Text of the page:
As I see it, the grand game, the big challenge for all of us as humans, is to try to understand each other.

It's the major obstacle confronting every minority; attempting to make others understand why it sometimes sucks to be who they are because the rest of us just don't get it.

Whites in this country don't understand what it's like to be judged for the colour of their skin; the able-bodied don't understand what it's like to be stared at or suffer condescension like people with disfigurements or disabilities; straights don't understand how soul-destroying it is to be told you don't have the same rights as the person living next door to you, just because you're gay.

You don't even have to be a minority - hell, women outnumber men, but they're still trying to make us understand - I mean really understand - what it feels like to be objectified and threatened just because of your gender.

In my view, all hells are equal and it's pointless trying to compare one person's suffering with another's; we are all deserving of empathy.

And mocking another's suffering, I just don't get it, unless you're daring the universe to dish out a little more sadness to you.

You might have heard the term "smug marrieds", meant to describe married couples who like to remind singles how much they're missing out on, not having a better half.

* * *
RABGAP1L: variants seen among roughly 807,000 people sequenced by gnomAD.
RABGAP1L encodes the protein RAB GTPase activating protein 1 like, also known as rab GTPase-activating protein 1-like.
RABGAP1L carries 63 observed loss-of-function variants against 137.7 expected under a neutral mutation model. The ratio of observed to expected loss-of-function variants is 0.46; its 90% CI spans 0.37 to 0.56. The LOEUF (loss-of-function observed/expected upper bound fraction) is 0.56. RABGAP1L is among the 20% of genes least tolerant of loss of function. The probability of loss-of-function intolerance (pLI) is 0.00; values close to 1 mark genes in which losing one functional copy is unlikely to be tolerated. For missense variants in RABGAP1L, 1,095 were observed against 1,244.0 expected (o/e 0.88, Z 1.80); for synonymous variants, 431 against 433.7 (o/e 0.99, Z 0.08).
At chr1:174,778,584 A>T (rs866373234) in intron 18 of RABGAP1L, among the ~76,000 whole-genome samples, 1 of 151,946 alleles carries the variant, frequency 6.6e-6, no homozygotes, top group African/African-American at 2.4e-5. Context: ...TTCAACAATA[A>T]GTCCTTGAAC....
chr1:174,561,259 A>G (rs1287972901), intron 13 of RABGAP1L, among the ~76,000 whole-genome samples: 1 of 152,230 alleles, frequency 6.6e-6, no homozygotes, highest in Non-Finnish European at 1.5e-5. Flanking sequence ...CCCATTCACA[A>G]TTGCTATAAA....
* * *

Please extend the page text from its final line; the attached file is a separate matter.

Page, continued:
What a lot of us don't realise is there is also "smug normals" - people who had the benefit of a stable, loving home as children and cannot comprehend the hole left when you did not.

Sam de Brito's latest novel Hello Darkness is in bookstores now. You can follow him on Twitter here. His email address is here.

57 comments so far

  • Good article Sam, but I'd go further and say that not only do all people deserve empathy, but all people need to be held accountable for their actions. No question people have horrible childhoods, and that gives them some breathing space when they leave that environment where people should give them a bit more rope. But eventually we need to stop apologising for that and hold the person accountable for their actions as an adult. Nothing annoys me more than a 30+ year old giving the excuse of having a hard childhood.

    Personally, to an outside observer if given the facts my childhood would sound horrible. I bloody well loved it, had a fantastic childhood to my mind (only had one, can't compare) and wish I could do it again and again. Doesn't mean it was perfect, and there were some really shit moments, but on the whole I'm really grateful for how good it was.

    Commenter
    Regularchap
    Location
    Sydney
    Date and time
    April 18, 2012, 7:49PM